You call the album 'a fight against cynicism.' What do you mean by that?

Patrick Ramos: It's very similar to the 'War on Christmas,' except that it isn't complete bull----. No, I think it's just the direction the lyrics went naturally. We're all fathers now and in our early 40s, which sometimes feels light years away from our idealistic 20s and 30s. Some of us need regular reminders not to get caught up in all the adult crap that can shut you off for good. You have to come up for air.

Chris Deaner: Fathers should not curse so much.

PR: Go to heck.

What was the most memorable moment during the making of this album for each of you? Why?

JB: What sticks out in my mind is when our friend Steve finished building the studio and realizing how amazing it was and what an incredible opportunity we had been given.

PR: We have a blast in the studio. It's even more fun when we actually decide to write and record music. The most memorable moment for me actually happened often. Songs that come together by all of us throwing our best (and worst) ideas at it are my favorite ones because they always end up better and like nothing any of us could do on our own. We had a lot of moments like that on this album.

CD: There are many many, but for me I think it was when I went into the studio once after my second child was born. I'd been cooped up in the house for a couple months and needed to feel like a human again. I set up some mics and played a bunch of stuff, stream of consciousness. A couple days later, Pat and I were in the studio and I played him some of those drum ramblings. We both agreed immediately that one bit in particular sounded interesting. I looped it, and Pat started playing a guitar line to it. That was the beginning of 'Young Once.'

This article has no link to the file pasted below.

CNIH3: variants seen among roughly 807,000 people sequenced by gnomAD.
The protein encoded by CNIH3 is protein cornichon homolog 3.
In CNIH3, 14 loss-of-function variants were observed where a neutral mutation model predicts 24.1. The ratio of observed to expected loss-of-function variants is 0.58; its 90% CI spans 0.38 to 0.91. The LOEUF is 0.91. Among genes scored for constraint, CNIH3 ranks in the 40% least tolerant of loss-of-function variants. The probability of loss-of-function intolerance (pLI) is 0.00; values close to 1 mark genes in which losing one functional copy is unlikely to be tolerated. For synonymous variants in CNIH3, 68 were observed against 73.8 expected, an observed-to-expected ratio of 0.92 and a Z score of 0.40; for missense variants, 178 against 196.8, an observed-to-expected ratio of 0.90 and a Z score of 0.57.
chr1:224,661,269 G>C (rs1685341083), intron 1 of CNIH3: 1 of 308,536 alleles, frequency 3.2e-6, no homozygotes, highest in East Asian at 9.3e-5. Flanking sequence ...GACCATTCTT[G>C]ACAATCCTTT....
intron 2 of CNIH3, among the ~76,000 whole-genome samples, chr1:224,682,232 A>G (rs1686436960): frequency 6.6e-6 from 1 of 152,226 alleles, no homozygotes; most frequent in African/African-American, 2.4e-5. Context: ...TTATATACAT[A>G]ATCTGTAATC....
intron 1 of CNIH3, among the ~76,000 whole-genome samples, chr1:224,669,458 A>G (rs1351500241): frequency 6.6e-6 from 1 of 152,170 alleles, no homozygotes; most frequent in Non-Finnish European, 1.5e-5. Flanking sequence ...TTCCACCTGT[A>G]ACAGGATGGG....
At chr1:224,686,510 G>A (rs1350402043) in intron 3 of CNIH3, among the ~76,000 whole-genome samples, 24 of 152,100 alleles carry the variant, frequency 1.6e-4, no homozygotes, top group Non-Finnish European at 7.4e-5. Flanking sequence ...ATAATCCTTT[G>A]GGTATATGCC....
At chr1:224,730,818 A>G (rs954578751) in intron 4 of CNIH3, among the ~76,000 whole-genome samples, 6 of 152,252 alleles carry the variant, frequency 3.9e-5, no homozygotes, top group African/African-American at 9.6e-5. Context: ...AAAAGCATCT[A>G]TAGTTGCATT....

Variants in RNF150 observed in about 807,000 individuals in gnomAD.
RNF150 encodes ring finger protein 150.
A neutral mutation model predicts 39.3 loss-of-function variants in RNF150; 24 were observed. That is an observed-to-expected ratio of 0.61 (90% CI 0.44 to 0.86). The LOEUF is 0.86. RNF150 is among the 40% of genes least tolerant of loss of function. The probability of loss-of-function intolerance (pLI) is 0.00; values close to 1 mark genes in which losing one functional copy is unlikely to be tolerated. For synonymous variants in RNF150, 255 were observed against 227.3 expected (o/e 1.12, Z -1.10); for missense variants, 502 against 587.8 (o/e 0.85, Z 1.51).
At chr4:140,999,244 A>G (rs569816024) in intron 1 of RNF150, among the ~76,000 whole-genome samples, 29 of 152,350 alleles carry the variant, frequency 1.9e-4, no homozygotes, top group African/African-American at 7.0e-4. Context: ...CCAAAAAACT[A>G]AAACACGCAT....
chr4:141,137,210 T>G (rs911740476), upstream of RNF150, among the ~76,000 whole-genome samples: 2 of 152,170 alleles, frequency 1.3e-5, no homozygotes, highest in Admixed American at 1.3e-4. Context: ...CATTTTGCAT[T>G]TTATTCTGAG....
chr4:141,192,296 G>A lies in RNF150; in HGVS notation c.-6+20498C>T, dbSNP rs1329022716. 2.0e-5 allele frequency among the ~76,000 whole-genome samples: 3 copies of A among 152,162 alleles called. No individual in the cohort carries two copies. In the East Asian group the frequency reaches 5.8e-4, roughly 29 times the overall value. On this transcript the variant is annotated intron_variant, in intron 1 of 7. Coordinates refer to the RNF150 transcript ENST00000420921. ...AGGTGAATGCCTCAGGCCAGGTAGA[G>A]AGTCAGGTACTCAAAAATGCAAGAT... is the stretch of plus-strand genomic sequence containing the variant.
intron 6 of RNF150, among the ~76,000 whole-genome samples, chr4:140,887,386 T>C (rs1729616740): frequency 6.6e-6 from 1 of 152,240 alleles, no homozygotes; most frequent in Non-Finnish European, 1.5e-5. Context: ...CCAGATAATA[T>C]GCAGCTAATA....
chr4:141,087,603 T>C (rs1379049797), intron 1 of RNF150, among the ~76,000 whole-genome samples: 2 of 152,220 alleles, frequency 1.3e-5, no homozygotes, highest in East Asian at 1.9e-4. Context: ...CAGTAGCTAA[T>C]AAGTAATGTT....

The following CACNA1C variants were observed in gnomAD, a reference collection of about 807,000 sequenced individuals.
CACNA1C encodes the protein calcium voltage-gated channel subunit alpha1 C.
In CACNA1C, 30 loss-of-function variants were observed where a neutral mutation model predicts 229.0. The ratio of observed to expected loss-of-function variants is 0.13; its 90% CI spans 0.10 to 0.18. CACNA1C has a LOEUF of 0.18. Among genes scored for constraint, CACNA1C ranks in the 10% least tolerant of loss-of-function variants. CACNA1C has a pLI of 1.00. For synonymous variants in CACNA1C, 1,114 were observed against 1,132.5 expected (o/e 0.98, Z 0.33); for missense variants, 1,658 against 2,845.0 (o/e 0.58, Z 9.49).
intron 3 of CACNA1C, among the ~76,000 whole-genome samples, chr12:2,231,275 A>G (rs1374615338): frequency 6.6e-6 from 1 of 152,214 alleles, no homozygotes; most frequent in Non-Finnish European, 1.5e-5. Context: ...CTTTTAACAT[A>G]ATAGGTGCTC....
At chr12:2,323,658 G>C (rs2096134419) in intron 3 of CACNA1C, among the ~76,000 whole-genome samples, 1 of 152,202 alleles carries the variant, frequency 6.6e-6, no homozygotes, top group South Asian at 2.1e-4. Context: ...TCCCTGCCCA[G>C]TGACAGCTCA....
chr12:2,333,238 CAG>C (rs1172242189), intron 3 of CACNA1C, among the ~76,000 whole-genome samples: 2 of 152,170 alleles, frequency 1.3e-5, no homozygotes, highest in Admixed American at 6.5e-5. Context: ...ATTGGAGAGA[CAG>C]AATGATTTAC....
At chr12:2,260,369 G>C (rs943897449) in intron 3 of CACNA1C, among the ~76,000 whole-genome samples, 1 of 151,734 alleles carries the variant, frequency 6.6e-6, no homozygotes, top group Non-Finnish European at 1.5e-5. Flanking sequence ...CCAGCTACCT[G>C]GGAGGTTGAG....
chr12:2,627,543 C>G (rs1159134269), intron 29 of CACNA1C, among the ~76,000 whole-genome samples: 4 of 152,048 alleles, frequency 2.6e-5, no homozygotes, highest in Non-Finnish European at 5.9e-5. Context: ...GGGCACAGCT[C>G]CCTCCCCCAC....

Aside from your musical careers, you have day jobs and family obligations. However, you also are at your fifth album -- something that can be hard to come by with the other factors. What's your secret to doing it all?

JB: Cool Ranch.

PR: Juice cleanses. Cool Ranch juice cleanses. We've all had day jobs throughout the band's history, so that's something we're used to navigating the band around. Having kids on the other hand makes continuing the band a challenge. But at least up to this point, we haven't seriously considered stopping writing songs despite being parents. I think it comes down to being good friends who when we hang out, just happen to write and record music instead of...I don't know, bowling? Don't get me wrong, I like bowling.

CD: I like bowling, too. You mean poker, right Pat? Don't get me wrong, I like poker, too. The secret is that we actually like each other. Most of the time. We work well together, are inspired by one another, and we usually end up making something we genuinely like together. So when there is a day that the kids get up at 5:30am, don't nap all day, and are cranky toddler people, when 9PM rolls around, those are the things that drive us to go into the studio. Instead of sleeping like sane people.